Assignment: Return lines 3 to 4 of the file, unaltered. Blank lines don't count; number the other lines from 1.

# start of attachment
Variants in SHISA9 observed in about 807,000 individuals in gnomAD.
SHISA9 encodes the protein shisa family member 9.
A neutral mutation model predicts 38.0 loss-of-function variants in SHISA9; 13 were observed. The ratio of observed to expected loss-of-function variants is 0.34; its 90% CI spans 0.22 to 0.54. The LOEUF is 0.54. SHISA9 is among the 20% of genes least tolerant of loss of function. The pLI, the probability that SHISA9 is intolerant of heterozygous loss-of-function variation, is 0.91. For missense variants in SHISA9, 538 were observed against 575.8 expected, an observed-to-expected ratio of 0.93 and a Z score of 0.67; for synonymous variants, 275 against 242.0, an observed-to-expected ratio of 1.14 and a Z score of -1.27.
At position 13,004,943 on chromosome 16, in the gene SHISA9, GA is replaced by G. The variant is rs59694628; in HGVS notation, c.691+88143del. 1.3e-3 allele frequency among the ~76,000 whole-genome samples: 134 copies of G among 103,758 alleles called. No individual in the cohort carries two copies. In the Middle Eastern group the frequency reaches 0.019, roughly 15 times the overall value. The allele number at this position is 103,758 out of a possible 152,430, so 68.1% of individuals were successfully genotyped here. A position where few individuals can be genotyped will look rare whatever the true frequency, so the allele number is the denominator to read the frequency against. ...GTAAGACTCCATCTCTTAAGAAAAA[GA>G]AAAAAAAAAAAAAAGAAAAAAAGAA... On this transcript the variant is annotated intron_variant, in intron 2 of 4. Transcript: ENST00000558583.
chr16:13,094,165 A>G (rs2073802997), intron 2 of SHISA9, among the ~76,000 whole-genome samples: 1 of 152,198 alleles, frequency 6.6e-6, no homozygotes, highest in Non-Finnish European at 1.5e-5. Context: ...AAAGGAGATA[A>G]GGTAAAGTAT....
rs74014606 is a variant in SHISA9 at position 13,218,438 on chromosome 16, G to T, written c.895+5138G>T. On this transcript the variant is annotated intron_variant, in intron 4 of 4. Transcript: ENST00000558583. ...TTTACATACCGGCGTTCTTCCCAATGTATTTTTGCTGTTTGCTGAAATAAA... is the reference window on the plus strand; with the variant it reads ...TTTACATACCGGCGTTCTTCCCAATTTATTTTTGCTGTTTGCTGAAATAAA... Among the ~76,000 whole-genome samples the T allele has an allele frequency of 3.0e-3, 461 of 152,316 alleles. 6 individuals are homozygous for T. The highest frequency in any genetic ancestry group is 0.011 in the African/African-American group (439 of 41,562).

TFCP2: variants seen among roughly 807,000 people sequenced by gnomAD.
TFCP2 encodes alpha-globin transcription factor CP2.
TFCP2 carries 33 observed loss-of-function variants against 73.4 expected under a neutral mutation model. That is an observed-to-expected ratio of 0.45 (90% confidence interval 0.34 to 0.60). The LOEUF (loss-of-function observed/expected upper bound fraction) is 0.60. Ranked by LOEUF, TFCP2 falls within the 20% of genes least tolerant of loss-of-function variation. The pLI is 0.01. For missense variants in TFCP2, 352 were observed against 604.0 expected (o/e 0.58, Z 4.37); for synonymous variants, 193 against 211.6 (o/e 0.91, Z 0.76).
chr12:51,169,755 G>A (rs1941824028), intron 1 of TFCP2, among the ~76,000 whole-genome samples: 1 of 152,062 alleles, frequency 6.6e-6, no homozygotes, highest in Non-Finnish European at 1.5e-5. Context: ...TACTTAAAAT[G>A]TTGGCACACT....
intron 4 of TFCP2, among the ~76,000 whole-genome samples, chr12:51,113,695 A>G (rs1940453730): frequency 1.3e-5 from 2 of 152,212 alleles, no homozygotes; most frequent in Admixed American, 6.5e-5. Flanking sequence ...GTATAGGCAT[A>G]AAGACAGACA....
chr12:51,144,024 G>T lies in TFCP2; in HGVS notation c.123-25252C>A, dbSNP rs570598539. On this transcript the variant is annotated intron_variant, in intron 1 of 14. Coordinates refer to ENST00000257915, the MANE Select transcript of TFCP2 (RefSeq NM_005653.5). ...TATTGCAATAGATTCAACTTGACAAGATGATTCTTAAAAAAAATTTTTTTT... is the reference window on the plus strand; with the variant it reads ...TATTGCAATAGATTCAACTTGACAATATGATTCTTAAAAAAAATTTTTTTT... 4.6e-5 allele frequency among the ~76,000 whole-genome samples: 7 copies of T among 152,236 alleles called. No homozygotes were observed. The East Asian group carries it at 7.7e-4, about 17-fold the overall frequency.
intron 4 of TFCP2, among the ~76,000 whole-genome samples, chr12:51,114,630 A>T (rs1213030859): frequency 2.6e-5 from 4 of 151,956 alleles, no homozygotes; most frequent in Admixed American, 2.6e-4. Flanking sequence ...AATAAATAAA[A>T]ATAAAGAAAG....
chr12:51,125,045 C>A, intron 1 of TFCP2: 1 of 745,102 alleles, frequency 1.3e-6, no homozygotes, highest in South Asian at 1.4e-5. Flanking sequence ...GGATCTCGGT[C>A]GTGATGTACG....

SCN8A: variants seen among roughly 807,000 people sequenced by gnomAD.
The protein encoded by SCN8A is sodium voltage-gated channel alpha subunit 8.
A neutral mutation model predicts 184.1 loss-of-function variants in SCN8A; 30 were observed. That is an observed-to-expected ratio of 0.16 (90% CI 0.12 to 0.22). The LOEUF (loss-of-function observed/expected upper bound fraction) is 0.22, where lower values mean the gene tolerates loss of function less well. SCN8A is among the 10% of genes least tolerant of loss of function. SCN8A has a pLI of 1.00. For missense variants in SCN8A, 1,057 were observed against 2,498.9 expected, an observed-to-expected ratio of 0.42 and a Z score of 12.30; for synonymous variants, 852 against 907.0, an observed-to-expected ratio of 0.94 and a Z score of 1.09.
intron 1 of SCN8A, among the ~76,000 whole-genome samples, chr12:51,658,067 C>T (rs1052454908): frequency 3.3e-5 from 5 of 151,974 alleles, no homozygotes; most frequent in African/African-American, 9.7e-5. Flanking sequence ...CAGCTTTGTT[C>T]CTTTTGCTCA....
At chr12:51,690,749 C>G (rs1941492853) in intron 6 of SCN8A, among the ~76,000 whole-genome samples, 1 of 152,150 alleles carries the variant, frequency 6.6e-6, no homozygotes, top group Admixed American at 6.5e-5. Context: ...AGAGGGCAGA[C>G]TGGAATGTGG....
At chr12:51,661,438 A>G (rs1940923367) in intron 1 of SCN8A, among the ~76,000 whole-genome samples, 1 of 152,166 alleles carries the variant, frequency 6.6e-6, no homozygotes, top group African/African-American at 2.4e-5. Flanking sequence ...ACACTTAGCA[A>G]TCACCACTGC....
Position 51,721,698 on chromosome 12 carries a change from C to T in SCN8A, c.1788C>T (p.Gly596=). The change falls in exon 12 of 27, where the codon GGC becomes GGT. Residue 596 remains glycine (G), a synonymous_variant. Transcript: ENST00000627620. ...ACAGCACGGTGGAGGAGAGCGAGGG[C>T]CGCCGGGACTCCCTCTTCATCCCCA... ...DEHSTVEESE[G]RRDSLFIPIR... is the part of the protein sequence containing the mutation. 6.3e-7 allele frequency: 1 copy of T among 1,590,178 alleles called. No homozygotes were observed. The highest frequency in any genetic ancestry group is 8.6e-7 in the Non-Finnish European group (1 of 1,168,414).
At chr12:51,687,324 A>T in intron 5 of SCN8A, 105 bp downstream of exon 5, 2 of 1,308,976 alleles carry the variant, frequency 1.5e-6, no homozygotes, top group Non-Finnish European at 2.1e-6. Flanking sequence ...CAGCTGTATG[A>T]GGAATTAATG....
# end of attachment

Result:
A neutral mutation model predicts 38.0 loss-of-function variants in SHISA9; 13 were observed. The ratio of observed to expected loss-of-function variants is 0.34; its 90% CI spans 0.22 to 0.54. The LOEUF is 0.54. SHISA9 is among the 20% of genes least tolerant of loss of function. The pLI, the probability that SHISA9 is intolerant of heterozygous loss-of-function variation, is 0.91. For missense variants in SHISA9, 538 were observed against 575.8 expected, an observed-to-expected ratio of 0.93 and a Z score of 0.67; for synonymous variants, 275 against 242.0, an observed-to-expected ratio of 1.14 and a Z score of -1.27.
At position 13,004,943 on chromosome 16, in the gene SHISA9, GA is replaced by G. The variant is rs59694628; in HGVS notation, c.691+88143del. 1.3e-3 allele frequency among the ~76,000 whole-genome samples: 134 copies of G among 103,758 alleles called. No individual in the cohort carries two copies. In the Middle Eastern group the frequency reaches 0.019, roughly 15 times the overall value. The allele number at this position is 103,758 out of a possible 152,430, so 68.1% of individuals were successfully genotyped here. A position where few individuals can be genotyped will look rare whatever the true frequency, so the allele number is the denominator to read the frequency against. ...GTAAGACTCCATCTCTTAAGAAAAA[GA>G]AAAAAAAAAAAAAAGAAAAAAAGAA... On this transcript the variant is annotated intron_variant, in intron 2 of 4. Transcript: ENST00000558583.